Hi, We are currently migrating our Systems to JDK 1.4 to JDK 6 .. During the compilation of our Existing Source in JDK 6 compilers we are getting the following Common warnings in most of the places.
warning: [unchecked] unchecked call to add(E) as a member of the raw type java.util.Vector
warning: [unchecked] unchecked call to add(E) as a member of the raw type java.util.Collection
As the systems ae perfectly running fine with the existing raw type source code we prefer to ignore these warning messages.
We would like to know the answers for the following queries.
i) What are the impacts for ignoring these messages and proceed with the compilation of existing source..?
ii) As the systems are running fine in JDK 1.4 is it mandatory to resolve this warning to work fine( in the same way as in jdk 1.4 ) in JDK 1.6
iii) If it is not advisable to ignore these messages what are the resolutions for the same?
Those warnings have no effect on the execution of your code. It will continue to execute as it always has. Those warning are simply telling you that you are not taking advantage of the compile-time type safety offered by generics, introduced in 1.5. The way to fix that would be to start using generics. If that code is not under active development and you don't want to go messing around in code that already works, you can safely ignore them.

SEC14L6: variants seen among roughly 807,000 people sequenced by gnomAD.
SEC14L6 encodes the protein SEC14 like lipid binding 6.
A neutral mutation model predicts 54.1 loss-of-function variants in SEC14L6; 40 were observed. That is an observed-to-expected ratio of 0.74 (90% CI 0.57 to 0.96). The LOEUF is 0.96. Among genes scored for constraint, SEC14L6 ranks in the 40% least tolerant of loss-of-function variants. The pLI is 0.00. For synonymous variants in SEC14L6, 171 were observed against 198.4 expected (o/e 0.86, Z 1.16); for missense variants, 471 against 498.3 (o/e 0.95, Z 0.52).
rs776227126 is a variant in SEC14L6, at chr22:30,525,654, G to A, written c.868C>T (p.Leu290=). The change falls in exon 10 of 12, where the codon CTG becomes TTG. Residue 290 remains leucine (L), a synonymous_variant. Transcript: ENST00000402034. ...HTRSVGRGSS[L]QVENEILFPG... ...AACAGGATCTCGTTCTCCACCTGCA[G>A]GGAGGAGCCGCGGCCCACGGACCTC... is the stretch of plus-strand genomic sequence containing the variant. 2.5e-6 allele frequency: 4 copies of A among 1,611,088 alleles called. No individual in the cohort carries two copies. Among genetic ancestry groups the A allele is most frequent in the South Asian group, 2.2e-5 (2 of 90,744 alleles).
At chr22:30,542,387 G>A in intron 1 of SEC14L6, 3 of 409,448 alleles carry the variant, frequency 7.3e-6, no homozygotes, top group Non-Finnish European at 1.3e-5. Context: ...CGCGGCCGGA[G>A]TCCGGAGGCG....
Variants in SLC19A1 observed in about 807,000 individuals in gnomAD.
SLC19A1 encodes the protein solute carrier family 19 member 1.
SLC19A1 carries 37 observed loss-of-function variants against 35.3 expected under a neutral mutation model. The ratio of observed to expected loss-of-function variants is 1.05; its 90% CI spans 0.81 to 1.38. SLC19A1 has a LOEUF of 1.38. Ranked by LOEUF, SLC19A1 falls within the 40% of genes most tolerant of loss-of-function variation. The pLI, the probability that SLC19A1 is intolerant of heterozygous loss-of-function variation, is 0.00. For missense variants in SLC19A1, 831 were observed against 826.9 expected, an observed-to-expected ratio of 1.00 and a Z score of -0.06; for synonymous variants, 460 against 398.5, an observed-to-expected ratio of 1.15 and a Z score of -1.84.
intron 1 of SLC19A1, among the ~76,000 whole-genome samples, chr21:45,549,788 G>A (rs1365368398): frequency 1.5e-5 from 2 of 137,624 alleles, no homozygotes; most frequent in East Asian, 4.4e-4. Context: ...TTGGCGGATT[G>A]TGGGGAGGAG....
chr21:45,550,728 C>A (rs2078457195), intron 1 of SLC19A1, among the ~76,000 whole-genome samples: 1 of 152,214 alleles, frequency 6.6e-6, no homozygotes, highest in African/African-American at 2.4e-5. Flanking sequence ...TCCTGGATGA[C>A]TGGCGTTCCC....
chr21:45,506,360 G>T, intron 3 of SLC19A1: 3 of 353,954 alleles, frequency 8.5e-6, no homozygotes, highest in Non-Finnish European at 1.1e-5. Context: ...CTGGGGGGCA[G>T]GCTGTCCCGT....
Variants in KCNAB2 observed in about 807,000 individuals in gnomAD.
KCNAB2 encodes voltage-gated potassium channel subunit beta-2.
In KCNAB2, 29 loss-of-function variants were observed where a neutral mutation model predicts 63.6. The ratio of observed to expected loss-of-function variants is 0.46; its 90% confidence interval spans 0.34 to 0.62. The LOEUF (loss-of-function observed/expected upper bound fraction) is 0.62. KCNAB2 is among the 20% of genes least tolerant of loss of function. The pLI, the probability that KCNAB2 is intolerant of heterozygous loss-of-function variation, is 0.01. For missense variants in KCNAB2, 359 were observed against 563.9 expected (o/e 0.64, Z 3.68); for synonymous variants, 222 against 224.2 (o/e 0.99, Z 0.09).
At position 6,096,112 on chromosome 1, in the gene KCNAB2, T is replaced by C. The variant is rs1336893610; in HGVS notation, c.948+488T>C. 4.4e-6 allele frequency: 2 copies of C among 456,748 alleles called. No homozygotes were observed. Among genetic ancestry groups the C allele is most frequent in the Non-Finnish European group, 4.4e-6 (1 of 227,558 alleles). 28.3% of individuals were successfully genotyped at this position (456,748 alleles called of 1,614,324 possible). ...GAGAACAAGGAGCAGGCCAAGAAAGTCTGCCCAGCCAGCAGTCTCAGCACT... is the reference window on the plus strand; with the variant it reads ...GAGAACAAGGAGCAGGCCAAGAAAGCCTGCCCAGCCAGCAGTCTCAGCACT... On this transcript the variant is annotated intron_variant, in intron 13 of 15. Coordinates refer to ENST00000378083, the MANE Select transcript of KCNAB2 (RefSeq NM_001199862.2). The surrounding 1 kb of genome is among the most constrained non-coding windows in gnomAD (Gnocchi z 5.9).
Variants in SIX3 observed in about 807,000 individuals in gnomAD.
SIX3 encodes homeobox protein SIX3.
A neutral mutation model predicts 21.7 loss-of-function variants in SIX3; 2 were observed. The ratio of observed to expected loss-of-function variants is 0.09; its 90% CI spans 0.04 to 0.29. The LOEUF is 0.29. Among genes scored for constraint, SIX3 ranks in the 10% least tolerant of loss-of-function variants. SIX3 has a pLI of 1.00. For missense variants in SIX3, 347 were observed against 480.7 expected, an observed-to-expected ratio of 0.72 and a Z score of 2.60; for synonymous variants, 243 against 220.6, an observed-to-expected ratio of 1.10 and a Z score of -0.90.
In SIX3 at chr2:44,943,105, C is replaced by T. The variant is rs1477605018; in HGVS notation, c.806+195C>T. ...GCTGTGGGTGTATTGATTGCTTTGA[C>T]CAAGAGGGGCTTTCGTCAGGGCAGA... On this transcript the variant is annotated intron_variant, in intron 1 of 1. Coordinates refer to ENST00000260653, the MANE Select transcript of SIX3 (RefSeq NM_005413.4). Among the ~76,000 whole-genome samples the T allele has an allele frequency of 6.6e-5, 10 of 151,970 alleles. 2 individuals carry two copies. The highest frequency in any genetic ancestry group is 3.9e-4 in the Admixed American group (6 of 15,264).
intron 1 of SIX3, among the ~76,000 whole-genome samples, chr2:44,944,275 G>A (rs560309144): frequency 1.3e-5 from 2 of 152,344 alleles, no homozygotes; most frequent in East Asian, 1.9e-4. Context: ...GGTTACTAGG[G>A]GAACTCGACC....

The consequences of ignoring them are:
1) You now have a lot of clutter in your compiler output, making it harder to spot actual error messages, and harder to isolate those warnings that you do care about.
2) Even though your code is running fine, it's possible that you've got type errors somewhere (illegal casts, for example) that simply haven't been hit yet, or that are being hit but you're not noticing. Proper application of generics may bring those out at compile time.
If you want to get rid of the warnings without fully adopting generics, you can use the @SupressWarnings("unchecked") annotation. However, use this with caution, as you're telling the compiler to ignore something that, while syntactically legal, is potentially dangerous.